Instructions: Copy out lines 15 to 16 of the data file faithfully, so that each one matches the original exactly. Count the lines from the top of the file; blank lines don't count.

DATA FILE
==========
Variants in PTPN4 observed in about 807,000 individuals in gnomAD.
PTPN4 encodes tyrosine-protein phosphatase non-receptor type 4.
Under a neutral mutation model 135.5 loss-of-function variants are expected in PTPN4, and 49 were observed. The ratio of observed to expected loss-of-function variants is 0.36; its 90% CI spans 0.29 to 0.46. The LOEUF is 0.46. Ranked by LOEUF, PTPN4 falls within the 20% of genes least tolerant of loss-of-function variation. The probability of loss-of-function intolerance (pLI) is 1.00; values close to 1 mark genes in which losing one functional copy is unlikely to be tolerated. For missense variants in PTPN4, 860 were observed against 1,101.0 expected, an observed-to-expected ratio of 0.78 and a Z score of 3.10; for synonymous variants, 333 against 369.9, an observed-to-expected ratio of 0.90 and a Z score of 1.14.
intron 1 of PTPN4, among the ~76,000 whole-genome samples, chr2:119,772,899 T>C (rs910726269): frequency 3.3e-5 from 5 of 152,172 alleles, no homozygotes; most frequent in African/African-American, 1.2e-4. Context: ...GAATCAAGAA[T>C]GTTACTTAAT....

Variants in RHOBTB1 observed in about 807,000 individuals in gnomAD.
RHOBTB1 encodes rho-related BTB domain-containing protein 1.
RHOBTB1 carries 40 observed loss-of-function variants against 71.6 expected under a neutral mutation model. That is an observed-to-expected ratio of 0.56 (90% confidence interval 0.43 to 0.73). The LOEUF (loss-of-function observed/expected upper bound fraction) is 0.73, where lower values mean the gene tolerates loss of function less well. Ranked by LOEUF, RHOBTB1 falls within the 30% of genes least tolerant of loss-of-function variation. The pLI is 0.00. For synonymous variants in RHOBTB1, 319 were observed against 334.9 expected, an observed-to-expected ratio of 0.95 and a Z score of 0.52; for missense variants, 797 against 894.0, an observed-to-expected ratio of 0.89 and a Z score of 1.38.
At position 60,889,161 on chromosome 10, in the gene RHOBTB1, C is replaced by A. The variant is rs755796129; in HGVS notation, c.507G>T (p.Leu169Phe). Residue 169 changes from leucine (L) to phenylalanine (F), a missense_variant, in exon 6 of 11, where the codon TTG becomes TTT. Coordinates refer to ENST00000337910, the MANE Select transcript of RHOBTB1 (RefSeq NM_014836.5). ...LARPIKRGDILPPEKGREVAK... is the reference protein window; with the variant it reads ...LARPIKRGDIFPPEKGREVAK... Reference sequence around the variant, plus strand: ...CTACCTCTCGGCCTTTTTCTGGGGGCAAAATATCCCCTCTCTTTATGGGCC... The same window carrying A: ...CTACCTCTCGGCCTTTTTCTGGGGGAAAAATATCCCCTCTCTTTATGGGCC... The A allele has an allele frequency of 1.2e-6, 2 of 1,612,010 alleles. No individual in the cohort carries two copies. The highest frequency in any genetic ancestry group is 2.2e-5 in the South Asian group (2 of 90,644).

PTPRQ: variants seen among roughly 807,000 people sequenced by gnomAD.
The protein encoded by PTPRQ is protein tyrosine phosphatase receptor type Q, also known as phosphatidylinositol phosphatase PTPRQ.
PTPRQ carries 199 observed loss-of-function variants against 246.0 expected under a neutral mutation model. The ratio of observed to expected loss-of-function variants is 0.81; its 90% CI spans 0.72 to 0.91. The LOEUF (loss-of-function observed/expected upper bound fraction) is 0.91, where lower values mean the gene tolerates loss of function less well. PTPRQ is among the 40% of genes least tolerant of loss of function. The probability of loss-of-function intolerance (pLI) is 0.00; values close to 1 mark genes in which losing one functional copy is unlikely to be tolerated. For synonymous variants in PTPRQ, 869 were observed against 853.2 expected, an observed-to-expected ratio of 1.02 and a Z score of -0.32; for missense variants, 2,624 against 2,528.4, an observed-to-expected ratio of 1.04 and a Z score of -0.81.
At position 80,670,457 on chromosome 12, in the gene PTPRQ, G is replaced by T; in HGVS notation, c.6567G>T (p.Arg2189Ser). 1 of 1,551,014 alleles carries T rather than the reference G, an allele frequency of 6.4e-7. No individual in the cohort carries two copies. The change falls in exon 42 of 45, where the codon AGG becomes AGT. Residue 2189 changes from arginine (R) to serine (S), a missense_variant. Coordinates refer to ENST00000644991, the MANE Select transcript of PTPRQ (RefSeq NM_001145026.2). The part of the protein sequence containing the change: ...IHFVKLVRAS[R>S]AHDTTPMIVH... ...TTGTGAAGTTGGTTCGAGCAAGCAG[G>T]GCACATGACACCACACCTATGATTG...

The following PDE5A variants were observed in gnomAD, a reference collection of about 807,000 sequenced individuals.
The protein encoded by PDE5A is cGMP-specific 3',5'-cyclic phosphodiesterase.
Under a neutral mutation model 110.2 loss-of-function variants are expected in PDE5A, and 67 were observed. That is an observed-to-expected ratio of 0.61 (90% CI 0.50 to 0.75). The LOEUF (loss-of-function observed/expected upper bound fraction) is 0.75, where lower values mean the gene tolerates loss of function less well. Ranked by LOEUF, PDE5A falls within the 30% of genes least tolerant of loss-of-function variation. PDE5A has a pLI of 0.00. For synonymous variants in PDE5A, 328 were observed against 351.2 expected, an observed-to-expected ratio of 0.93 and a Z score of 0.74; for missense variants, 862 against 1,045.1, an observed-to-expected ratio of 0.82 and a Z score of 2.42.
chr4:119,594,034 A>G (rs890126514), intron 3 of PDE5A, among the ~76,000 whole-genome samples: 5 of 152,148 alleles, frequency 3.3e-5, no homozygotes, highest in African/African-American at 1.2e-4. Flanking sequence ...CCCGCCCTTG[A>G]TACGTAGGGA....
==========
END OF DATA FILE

Under a neutral mutation model 110.2 loss-of-function variants are expected in PDE5A, and 67 were observed. That is an observed-to-expected ratio of 0.61 (90% CI 0.50 to 0.75). The LOEUF (loss-of-function observed/expected upper bound fraction) is 0.75, where lower values mean the gene tolerates loss of function less well. Ranked by LOEUF, PDE5A falls within the 30% of genes least tolerant of loss-of-function variation. PDE5A has a pLI of 0.00. For synonymous variants in PDE5A, 328 were observed against 351.2 expected, an observed-to-expected ratio of 0.93 and a Z score of 0.74; for missense variants, 862 against 1,045.1, an observed-to-expected ratio of 0.82 and a Z score of 2.42.
chr4:119,594,034 A>G (rs890126514), intron 3 of PDE5A, among the ~76,000 whole-genome samples: 5 of 152,148 alleles, frequency 3.3e-5, no homozygotes, highest in African/African-American at 1.2e-4. Flanking sequence ...CCCGCCCTTG[A>G]TACGTAGGGA....